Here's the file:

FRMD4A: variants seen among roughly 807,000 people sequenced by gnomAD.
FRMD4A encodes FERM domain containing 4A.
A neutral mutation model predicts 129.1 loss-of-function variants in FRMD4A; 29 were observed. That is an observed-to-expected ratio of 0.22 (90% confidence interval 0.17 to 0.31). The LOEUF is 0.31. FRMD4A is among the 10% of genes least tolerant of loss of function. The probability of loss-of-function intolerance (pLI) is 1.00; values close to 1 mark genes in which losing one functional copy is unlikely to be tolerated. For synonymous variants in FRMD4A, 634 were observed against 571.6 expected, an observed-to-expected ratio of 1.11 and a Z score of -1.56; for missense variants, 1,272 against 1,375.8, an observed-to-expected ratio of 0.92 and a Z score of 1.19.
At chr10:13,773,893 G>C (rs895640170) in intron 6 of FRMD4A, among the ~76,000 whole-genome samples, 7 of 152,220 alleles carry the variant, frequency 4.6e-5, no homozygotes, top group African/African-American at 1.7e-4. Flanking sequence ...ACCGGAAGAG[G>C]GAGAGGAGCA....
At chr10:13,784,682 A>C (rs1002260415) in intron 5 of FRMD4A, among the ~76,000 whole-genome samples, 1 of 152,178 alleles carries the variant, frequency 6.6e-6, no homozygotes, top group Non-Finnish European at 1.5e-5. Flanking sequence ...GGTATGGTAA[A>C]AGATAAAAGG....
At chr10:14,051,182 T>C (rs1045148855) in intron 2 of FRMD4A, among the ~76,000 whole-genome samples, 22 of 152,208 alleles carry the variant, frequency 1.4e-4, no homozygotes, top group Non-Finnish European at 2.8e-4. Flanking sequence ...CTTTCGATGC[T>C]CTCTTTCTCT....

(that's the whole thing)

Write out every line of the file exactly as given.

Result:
FRMD4A: variants seen among roughly 807,000 people sequenced by gnomAD.
FRMD4A encodes FERM domain containing 4A.
A neutral mutation model predicts 129.1 loss-of-function variants in FRMD4A; 29 were observed. That is an observed-to-expected ratio of 0.22 (90% confidence interval 0.17 to 0.31). The LOEUF is 0.31. FRMD4A is among the 10% of genes least tolerant of loss of function. The probability of loss-of-function intolerance (pLI) is 1.00; values close to 1 mark genes in which losing one functional copy is unlikely to be tolerated. For synonymous variants in FRMD4A, 634 were observed against 571.6 expected, an observed-to-expected ratio of 1.11 and a Z score of -1.56; for missense variants, 1,272 against 1,375.8, an observed-to-expected ratio of 0.92 and a Z score of 1.19.
At chr10:13,773,893 G>C (rs895640170) in intron 6 of FRMD4A, among the ~76,000 whole-genome samples, 7 of 152,220 alleles carry the variant, frequency 4.6e-5, no homozygotes, top group African/African-American at 1.7e-4. Flanking sequence ...ACCGGAAGAG[G>C]GAGAGGAGCA....
At chr10:13,784,682 A>C (rs1002260415) in intron 5 of FRMD4A, among the ~76,000 whole-genome samples, 1 of 152,178 alleles carries the variant, frequency 6.6e-6, no homozygotes, top group Non-Finnish European at 1.5e-5. Flanking sequence ...GGTATGGTAA[A>C]AGATAAAAGG....
At chr10:14,051,182 T>C (rs1045148855) in intron 2 of FRMD4A, among the ~76,000 whole-genome samples, 22 of 152,208 alleles carry the variant, frequency 1.4e-4, no homozygotes, top group Non-Finnish European at 2.8e-4. Flanking sequence ...CTTTCGATGC[T>C]CTCTTTCTCT....